Half a dozen countries have constructed temples and monasteries in Bodhgaya but the most impressive comes from Bhutan with its fine 3D murals on the walls and pillars. We eagerly awaited a free meditation session at the Japanese Temple which turned out to be a DIY thing, they just provided the venue, cushions and mosquitoes. I think I lasted 5 minutes before checking out to read my book. Earlier on as we were waiting beneath outside the Jap temple, Karen drew a small crowd of local men who gathered around her just to watch her write in her scrapbook. They were genuinely impressed! It was as if women and writing didn’t go together in India. Karen asked one guy to write his family name and he wrote down all the names of his family members including his grandparents.

The Varanasi Bombings

Two bombs went off in Varanasi on the 7th of March killing about 15 to 20 people. It was the first time that the Hindu holy city had been bombed and a Pakistani extremist group had claimed responsibility. So it was two more days of devotee-gazing beneath the shade of the Bodhi tree for us before we deemed it safe (after reading the papers and talking to some tourists who just came in from there) to take the train there.

The Train to Varanasi

Train rides in India are mini lessons into the multifaceted culture. On this ride, we found ourselves in the good company of an Italian psychologist who came to study Sanskrit and some Tantric mediation. He gives his guru a bear-hug before they part and tells us that he had to repeat the tantric mantra about 150,000 times when he started the 3 month course. Now the 7000 he does each day is a breeze. He’s going to Varanasi to visit his Sanskrit teacher who teaches him for free.

Next up was a couple of professors or a professor couple. The husband is a retired political science lecturer and his wife’s field is in Indian classical music. Karen asks him why Bihar is so poor and he replies instantly ‘Rituals’. Indians spend tons of money on the rituals of the festivals they celebrate and they have plenty of festivals in a year. ‘More than 365 festivals in a year!’ He exclaims and I don’t know if he was joking. This started a big egocentric conversational snowball rolling with this man in the middle of it all talking mostly to himself. He can’t seem to stop talking once we got him started. Soon we all realised that as much as he was a talker, he wasn’t such a great listener and couldn’t answer our questions directly. The Italian asked why did the Indians have such a high standard of personal hygiene but litter and spit all over and he launched into a description of how they prepared the food! I rephrase the same question but got the same reply. ‘I don’t know’ certainly wasn’t in this guy’s vocabulary and I began to pity his students. We finally became more engaged in the conversation when they defended the merits of the arranged marriage. They were the result of one and have subsequently arranged marriages for all their four children. ’More than 80 percent of arranged marriages are successful’ meaning less than 20 percent end in divorce. Whether the marriages are happy or not is another matter it seems. According to them, parents now can find suitable partners for their kids online on this website called ‘Shadi’. Photos and detailed specifications like height and skin colour are spelled out here. Our political science prof commented that the Italian’s skin would make it into the top grade – milky white.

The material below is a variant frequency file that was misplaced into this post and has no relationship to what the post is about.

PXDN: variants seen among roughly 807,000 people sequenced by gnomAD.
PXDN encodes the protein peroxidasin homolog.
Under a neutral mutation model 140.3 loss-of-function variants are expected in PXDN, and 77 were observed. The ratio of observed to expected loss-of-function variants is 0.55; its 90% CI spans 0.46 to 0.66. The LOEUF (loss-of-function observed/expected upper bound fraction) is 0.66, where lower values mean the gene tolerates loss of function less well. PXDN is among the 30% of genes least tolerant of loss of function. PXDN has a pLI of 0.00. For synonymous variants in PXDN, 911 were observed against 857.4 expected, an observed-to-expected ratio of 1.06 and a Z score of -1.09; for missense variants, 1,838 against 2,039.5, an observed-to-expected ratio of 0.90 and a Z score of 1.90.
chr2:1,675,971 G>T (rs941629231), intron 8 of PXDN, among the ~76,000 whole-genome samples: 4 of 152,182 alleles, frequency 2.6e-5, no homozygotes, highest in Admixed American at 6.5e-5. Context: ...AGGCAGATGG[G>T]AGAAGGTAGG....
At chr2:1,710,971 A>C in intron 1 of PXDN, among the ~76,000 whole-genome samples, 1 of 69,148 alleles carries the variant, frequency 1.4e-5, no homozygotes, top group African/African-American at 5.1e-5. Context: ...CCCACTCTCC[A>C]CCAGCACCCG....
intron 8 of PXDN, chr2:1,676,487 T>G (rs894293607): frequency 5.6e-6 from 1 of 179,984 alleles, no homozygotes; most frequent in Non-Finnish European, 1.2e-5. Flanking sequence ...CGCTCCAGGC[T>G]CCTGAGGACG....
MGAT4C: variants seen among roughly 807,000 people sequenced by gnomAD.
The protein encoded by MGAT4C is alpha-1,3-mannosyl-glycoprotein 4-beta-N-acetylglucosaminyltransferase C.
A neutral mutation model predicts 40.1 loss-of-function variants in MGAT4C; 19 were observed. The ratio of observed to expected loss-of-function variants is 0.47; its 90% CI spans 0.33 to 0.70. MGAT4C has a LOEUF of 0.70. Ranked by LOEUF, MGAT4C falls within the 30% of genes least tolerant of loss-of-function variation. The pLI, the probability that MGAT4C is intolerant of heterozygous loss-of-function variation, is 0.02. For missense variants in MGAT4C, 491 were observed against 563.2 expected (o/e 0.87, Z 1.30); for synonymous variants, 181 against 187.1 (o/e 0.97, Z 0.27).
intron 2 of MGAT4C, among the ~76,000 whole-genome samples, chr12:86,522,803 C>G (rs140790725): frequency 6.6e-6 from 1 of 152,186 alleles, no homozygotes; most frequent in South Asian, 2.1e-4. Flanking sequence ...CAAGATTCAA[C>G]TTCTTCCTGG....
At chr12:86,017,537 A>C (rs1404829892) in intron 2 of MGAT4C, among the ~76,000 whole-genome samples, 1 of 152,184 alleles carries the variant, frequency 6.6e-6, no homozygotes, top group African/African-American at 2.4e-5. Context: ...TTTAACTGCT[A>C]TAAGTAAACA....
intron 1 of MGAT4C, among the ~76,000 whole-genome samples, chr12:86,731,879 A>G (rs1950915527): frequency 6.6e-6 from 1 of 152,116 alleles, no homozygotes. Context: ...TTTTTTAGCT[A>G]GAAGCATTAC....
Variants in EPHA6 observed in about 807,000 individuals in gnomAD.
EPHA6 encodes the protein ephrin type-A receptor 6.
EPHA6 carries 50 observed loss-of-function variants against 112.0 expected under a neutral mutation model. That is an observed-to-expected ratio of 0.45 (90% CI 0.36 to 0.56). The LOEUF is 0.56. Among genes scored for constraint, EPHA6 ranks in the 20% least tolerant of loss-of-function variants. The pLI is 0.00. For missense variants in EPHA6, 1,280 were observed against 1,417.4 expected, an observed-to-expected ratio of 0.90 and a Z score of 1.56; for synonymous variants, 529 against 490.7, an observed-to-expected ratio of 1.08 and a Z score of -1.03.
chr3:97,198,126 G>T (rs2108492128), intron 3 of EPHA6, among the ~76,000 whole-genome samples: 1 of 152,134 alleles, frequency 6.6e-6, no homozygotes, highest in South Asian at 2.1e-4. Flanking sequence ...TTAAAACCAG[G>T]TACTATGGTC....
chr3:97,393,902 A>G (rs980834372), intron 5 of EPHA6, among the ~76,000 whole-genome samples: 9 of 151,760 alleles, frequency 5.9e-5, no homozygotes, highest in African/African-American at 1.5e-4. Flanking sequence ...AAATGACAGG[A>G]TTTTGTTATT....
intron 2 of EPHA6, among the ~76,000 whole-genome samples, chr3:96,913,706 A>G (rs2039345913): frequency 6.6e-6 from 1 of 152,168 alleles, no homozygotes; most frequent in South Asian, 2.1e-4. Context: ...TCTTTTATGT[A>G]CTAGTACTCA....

Blogger tiramisu said...

Erm, I wasn't taught by you, but you were my school teacher back in my secondary school days. Well, got your blog from a good friend of mine, and I'm intrigued by your blog cos I do go backpacking too! Its rather enlightening to experience (thru a laptop screen) life, from the places you visited.
Hope to really travel like you do.. like really immerse and become a "fellow countryman" in a country, and not a mere visitor. But let me grow out of my phobia of visiting rats first, haha!
Well, Mr.Cheng,

11:06 PM